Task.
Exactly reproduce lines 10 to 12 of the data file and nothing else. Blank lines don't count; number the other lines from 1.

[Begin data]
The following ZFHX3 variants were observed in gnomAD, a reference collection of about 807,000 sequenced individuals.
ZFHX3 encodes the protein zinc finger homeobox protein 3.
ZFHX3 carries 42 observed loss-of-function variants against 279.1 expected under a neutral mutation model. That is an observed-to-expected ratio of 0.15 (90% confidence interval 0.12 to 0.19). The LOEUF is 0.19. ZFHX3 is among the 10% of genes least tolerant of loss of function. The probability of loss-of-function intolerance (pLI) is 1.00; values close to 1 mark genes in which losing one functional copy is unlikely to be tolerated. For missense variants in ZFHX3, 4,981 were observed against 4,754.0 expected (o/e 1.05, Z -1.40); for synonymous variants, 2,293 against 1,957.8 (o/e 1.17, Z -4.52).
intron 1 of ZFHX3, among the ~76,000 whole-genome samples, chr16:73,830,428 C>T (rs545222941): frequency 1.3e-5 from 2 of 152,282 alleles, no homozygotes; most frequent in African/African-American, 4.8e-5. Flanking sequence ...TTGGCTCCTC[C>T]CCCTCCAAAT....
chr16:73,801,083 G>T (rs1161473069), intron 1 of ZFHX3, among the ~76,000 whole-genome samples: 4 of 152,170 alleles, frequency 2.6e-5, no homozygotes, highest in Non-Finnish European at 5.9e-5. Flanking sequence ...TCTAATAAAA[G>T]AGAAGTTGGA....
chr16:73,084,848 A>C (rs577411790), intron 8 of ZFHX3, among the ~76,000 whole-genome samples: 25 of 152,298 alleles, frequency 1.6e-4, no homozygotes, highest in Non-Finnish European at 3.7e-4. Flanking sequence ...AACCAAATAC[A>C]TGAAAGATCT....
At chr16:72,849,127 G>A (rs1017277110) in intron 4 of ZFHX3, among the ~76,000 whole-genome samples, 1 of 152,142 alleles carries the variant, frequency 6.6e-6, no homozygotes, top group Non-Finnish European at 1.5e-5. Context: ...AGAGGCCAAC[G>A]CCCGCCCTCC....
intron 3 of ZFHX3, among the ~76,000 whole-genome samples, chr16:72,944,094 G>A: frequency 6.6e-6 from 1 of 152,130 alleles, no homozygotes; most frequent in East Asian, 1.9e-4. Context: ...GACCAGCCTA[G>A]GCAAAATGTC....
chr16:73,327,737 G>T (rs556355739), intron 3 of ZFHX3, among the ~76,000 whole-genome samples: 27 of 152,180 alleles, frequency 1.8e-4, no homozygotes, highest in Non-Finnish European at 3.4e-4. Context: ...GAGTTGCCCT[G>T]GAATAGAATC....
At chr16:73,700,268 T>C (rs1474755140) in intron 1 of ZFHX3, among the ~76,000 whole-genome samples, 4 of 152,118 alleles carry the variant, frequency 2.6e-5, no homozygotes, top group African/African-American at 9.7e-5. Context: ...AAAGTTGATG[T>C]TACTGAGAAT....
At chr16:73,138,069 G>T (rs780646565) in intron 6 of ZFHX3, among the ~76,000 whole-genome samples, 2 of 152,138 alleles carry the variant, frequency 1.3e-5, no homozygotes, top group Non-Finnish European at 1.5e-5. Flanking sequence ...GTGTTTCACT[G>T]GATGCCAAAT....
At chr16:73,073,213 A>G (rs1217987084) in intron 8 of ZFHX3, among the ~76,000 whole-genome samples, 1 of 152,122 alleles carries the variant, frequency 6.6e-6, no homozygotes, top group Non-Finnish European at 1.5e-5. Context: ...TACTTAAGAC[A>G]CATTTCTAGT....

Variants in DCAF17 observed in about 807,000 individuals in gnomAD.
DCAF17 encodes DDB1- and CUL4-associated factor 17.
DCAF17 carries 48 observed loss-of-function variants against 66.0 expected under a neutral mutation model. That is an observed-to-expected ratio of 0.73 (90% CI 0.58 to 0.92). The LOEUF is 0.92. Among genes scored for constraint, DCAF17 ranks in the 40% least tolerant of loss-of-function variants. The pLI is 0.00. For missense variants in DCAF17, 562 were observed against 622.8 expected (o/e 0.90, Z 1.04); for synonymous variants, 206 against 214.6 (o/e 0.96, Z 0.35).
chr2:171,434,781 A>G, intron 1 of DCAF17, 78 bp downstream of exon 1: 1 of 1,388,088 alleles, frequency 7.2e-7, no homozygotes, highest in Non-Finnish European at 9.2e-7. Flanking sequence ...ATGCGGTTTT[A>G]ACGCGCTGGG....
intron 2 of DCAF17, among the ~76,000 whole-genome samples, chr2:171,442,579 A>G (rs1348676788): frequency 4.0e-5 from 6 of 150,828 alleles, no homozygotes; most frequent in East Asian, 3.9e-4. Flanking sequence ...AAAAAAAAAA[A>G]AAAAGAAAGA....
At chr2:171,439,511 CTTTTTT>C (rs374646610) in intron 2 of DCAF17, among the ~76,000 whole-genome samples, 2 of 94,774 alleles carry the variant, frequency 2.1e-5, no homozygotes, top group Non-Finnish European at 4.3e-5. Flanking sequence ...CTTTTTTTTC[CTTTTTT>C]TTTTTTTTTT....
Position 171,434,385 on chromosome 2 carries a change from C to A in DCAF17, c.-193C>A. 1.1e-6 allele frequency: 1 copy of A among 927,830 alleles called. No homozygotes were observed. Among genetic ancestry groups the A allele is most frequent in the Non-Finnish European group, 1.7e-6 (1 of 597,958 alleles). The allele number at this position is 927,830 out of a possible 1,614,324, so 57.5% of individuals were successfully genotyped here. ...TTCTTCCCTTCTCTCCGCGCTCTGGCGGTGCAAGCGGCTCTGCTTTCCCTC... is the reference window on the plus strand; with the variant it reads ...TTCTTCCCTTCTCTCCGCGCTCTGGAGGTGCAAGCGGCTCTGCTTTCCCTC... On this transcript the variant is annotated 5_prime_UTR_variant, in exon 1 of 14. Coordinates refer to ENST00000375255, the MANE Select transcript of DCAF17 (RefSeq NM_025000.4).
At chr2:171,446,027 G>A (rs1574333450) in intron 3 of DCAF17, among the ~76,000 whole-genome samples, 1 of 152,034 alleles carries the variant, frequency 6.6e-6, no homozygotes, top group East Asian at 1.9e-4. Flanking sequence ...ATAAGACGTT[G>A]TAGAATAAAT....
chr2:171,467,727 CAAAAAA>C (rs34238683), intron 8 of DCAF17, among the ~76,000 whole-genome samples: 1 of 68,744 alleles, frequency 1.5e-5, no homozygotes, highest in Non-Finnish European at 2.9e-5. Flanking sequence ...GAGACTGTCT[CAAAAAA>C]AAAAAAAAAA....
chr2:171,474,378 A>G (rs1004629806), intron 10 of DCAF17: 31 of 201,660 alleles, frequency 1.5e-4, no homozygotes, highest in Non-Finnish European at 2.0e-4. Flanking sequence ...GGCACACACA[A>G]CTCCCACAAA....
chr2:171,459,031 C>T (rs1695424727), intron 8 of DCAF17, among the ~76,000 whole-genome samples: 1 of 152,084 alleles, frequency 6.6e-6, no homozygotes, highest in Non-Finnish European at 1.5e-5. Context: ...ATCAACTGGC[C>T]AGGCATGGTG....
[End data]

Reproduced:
At chr16:73,700,268 T>C (rs1474755140) in intron 1 of ZFHX3, among the ~76,000 whole-genome samples, 4 of 152,118 alleles carry the variant, frequency 2.6e-5, no homozygotes, top group African/African-American at 9.7e-5. Context: ...AAAGTTGATG[T>C]TACTGAGAAT....
At chr16:73,138,069 G>T (rs780646565) in intron 6 of ZFHX3, among the ~76,000 whole-genome samples, 2 of 152,138 alleles carry the variant, frequency 1.3e-5, no homozygotes, top group Non-Finnish European at 1.5e-5. Flanking sequence ...GTGTTTCACT[G>T]GATGCCAAAT....
At chr16:73,073,213 A>G (rs1217987084) in intron 8 of ZFHX3, among the ~76,000 whole-genome samples, 1 of 152,122 alleles carries the variant, frequency 6.6e-6, no homozygotes, top group Non-Finnish European at 1.5e-5. Context: ...TACTTAAGAC[A>G]CATTTCTAGT....